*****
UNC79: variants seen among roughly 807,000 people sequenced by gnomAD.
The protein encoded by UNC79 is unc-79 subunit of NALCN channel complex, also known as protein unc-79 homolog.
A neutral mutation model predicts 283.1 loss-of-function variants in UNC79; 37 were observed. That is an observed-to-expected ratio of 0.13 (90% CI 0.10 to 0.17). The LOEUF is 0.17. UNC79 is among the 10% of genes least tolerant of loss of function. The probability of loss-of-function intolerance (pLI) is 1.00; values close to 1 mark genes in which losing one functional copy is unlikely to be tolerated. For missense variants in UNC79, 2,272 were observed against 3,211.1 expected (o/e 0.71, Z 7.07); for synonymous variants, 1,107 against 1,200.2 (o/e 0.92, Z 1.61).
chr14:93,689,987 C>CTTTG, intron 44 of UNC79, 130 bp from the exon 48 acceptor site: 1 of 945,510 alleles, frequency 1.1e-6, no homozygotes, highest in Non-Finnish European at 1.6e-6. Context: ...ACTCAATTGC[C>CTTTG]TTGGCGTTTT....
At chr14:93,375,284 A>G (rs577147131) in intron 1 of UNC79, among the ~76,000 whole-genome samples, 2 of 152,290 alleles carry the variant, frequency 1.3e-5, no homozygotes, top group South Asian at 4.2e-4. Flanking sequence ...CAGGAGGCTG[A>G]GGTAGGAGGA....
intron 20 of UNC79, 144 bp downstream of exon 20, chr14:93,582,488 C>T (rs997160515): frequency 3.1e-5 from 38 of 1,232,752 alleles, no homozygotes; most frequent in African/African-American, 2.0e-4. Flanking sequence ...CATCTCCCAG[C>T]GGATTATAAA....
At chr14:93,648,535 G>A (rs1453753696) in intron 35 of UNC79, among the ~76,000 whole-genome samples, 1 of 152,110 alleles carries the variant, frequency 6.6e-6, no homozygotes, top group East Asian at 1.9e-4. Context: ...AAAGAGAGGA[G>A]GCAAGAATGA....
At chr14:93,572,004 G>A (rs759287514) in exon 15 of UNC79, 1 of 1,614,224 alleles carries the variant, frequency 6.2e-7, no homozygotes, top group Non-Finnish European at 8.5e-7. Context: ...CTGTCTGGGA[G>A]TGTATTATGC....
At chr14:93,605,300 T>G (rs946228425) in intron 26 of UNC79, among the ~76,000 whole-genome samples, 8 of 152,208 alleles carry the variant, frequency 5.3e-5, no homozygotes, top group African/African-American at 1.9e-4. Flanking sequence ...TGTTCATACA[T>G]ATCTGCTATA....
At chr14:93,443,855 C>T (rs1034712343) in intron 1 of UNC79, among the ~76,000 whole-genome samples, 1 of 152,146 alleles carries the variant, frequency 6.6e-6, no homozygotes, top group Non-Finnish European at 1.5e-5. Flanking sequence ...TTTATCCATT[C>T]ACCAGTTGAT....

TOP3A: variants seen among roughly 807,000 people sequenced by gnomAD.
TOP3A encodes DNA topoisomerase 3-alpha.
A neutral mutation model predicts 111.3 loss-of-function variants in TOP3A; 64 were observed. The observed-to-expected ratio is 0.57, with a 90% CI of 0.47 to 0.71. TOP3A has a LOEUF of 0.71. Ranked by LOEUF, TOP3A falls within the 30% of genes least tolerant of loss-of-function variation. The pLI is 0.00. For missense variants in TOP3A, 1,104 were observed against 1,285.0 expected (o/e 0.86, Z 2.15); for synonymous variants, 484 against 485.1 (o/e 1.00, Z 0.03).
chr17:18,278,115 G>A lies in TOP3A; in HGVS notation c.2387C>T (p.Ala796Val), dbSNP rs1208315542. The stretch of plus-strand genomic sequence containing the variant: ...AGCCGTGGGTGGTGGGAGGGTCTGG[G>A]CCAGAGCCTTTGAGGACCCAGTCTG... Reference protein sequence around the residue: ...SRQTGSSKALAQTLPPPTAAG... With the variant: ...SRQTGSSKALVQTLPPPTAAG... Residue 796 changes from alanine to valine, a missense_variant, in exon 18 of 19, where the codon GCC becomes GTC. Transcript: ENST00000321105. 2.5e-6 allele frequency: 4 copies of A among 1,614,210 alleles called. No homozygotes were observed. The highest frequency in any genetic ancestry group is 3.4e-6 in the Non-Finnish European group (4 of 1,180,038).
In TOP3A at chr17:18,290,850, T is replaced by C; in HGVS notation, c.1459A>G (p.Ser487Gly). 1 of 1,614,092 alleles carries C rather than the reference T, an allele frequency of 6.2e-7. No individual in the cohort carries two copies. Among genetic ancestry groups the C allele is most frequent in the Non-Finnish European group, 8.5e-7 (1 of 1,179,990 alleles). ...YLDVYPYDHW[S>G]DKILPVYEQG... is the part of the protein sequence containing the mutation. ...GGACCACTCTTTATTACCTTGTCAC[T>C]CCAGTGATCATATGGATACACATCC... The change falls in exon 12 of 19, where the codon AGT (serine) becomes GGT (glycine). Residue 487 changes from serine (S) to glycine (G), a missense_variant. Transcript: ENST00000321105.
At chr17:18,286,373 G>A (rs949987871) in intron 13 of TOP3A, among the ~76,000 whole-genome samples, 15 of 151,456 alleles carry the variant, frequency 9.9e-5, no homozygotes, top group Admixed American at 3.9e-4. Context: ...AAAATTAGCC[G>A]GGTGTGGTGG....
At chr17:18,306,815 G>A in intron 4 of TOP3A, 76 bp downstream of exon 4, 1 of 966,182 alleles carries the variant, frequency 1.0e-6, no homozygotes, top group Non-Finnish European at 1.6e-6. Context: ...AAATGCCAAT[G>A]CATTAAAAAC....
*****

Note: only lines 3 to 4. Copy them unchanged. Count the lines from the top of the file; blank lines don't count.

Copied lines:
A neutral mutation model predicts 283.1 loss-of-function variants in UNC79; 37 were observed. That is an observed-to-expected ratio of 0.13 (90% CI 0.10 to 0.17). The LOEUF is 0.17. UNC79 is among the 10% of genes least tolerant of loss of function. The probability of loss-of-function intolerance (pLI) is 1.00; values close to 1 mark genes in which losing one functional copy is unlikely to be tolerated. For missense variants in UNC79, 2,272 were observed against 3,211.1 expected (o/e 0.71, Z 7.07); for synonymous variants, 1,107 against 1,200.2 (o/e 0.92, Z 1.61).
chr14:93,689,987 C>CTTTG, intron 44 of UNC79, 130 bp from the exon 48 acceptor site: 1 of 945,510 alleles, frequency 1.1e-6, no homozygotes, highest in Non-Finnish European at 1.6e-6. Context: ...ACTCAATTGC[C>CTTTG]TTGGCGTTTT....